According to other Tibetan sources in Nepal, there are fears that Tibetan children may be prevented from studying in Nepalese schools in some of the settlements outside Kathmandu. Some Tibetan students currently attend Nepalese schools after class ten because there are not enough Tibetan schools. A Tibetan who is a member of the exiled Tibetan Parliament and who has been living in Nepal since 1959 told ICT that this year the Nepalese government has introduced new application forms which require children to have full Nepalese citizenship before being admitted to the schools.

Prayer ceremony broken up by Nepalese police

Last August, in the politically-charged atmosphere surrounding the Beijing Olympics and the ongoing crackdown in Tibet, Nepalese police had broken up a peaceful prayer gathering of Tibetans and Nepalese and torn down Buddhist flags. The Nepal Buddhist Federation, representing all schools of the Mahayana Buddhists organizations and institutions in Nepal, reported in a press release issued later on the same day (August 10, 2008): “About 4000 Tibetans and Nepali Himalayan Buddhist sympathizers donning Buddhist and Nepal National flags joined a mass prayer for peace at 8:30 am on 7th August at Chuchepati Taragaon, Kathmandu. The peaceful gathering organized by the Tibetan Young Buddhist Association suddenly became tense after police lathi [baton]-charged the big photo of the Dalai Lama and tore down Buddhist flags.”

The Nepal Buddhist Federation added that: “Nepali Buddhists are closely observing that, of late, Buddhist monks, nuns and all Himalayan people in traditional dress are constantly harassed by state police.” The organization said that this was happening despite the strong cultural and religious ties between the Himalayan people: “Ever since the introduction of Buddhism in Tibet in the 7th century, Himalayan Buddhists of India, Nepal and Bhutan used to go to Tibet for studies in the various monasteries and after the closing of northern border in 1959 Himalayan Buddhists continue to go to monastic educational institutions in India and return to their respective countries after graduation to serve the community. The unbroken close spiritual bond between the Dalai Lamas and the Buddhist followers of Himalayan region is continued today.”

A senior Tibetan in Nepal married into a Nepalese family said: “Together with many Nepalese friends, I feel that matters within Nepal’s borders are for Nepalis to manage. Our concern emerges from the overt and negative influence of the PRC in Nepal. While we recognize the generosity of various countries in assisting economic development, including China, we stand against the political influence of the PRC over the government’s approach towards the Tibetan community in Nepal, some of whom are Nepali citizens and others refugees. It is widely known that Tibetans enrich Nepal’s cultural and religious landscape, strengthen our economy and trade, and enhance our artistic traditions. We must not forget the historical, cultural and religious ties between the Nepalese, Tibetan and other Himalayan peoples. A substantial minority of the present Nepali population are Tibetan Buddhist with great devotion to His Holiness the Dalai Lama and other Tibetan Buddhist lamas, who have close family and community ties with Tibet reaching back many generations.”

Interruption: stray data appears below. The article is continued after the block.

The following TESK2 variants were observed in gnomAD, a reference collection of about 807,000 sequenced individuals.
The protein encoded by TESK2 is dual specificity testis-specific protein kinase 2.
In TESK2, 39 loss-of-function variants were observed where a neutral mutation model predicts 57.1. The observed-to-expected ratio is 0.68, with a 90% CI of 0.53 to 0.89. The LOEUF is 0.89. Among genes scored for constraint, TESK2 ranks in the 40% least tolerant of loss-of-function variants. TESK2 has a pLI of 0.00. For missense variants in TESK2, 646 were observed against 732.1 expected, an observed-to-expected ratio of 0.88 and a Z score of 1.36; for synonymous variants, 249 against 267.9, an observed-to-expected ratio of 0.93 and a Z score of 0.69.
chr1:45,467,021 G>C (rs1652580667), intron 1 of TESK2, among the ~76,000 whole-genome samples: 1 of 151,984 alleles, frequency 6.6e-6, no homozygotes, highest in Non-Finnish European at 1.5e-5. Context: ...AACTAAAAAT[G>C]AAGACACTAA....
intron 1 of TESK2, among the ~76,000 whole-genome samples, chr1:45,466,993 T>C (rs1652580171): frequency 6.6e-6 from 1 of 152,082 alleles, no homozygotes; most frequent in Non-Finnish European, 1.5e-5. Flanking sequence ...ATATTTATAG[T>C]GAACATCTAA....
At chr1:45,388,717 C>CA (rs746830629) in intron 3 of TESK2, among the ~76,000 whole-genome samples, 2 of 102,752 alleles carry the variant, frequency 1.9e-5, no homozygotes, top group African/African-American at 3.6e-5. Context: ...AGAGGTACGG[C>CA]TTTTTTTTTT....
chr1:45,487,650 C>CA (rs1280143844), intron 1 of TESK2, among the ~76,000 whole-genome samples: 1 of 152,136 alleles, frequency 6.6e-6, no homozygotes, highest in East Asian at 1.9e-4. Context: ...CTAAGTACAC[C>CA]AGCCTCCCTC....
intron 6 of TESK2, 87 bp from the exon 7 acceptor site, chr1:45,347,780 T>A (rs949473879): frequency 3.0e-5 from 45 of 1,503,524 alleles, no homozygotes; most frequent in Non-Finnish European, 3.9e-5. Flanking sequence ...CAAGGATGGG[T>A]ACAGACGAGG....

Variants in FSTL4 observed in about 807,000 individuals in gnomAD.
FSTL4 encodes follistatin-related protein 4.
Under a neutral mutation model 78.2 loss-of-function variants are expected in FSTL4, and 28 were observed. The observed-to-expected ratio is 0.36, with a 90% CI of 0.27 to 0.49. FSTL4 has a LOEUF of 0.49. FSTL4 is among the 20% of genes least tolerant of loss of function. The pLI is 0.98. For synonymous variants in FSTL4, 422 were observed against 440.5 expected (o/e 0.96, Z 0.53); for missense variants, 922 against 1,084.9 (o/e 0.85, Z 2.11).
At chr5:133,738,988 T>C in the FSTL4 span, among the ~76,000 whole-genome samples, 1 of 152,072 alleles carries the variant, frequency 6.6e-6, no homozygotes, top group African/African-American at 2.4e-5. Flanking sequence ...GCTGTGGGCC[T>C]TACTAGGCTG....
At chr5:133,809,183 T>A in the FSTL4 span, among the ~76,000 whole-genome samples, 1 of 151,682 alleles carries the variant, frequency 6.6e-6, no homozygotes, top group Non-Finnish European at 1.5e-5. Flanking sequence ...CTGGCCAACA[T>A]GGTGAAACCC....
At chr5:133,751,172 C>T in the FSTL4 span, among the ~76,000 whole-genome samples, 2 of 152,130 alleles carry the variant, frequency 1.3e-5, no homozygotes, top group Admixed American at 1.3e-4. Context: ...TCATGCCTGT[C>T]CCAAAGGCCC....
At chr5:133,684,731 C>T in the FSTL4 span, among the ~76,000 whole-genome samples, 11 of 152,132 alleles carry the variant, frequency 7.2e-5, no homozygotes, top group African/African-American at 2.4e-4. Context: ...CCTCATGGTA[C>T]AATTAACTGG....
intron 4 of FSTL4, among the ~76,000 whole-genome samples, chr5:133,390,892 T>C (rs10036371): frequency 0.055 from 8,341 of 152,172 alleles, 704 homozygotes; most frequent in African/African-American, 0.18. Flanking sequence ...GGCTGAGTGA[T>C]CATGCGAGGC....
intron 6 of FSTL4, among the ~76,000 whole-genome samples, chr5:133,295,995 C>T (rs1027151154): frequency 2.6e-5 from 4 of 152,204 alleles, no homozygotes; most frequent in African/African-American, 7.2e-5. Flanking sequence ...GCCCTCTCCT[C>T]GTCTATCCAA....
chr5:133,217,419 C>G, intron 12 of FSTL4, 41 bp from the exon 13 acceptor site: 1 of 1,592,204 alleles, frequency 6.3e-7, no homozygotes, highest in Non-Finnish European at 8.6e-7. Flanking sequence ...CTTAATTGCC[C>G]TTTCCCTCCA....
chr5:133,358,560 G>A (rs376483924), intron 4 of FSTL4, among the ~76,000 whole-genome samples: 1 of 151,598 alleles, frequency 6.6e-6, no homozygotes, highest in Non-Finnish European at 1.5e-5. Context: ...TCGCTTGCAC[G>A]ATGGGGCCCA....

Risks at the border and the journey into exile

The reasons that Tibetans escape from Tibet are similar: parents send their children for an education, monks and nuns seek religious freedom, and nomads separated from their traditional livelihoods hope to find a future and an affirmation of their Tibetan identity in exile. Virtually all Tibetans say they wish to be near His Holiness the Dalai Lama. (Dangerous Crossing, p 33).

Somewhere between 2,500 and 3,500 Tibetans are registered each year by the UNHCR as “persons of concern” and provided assistance at the Tibetan Refugee Reception Center in Kathmandu. There have been unusual spikes, and since March 2008 there has been a dramatic decline in numbers. Only 652 Tibetans arrived safely at the Kathmandu reception center last year. So far, just over 300 Tibetans have arrived at the Reception Center this year, although the number is expected to increase significantly in winter. Most have not crossed via the treacherous Nangpa pass over the past year, due to difficult and dangerous conditions and also following the shooting of a Tibetan nun on the pass on September 30, 2006, by Chinese border guards.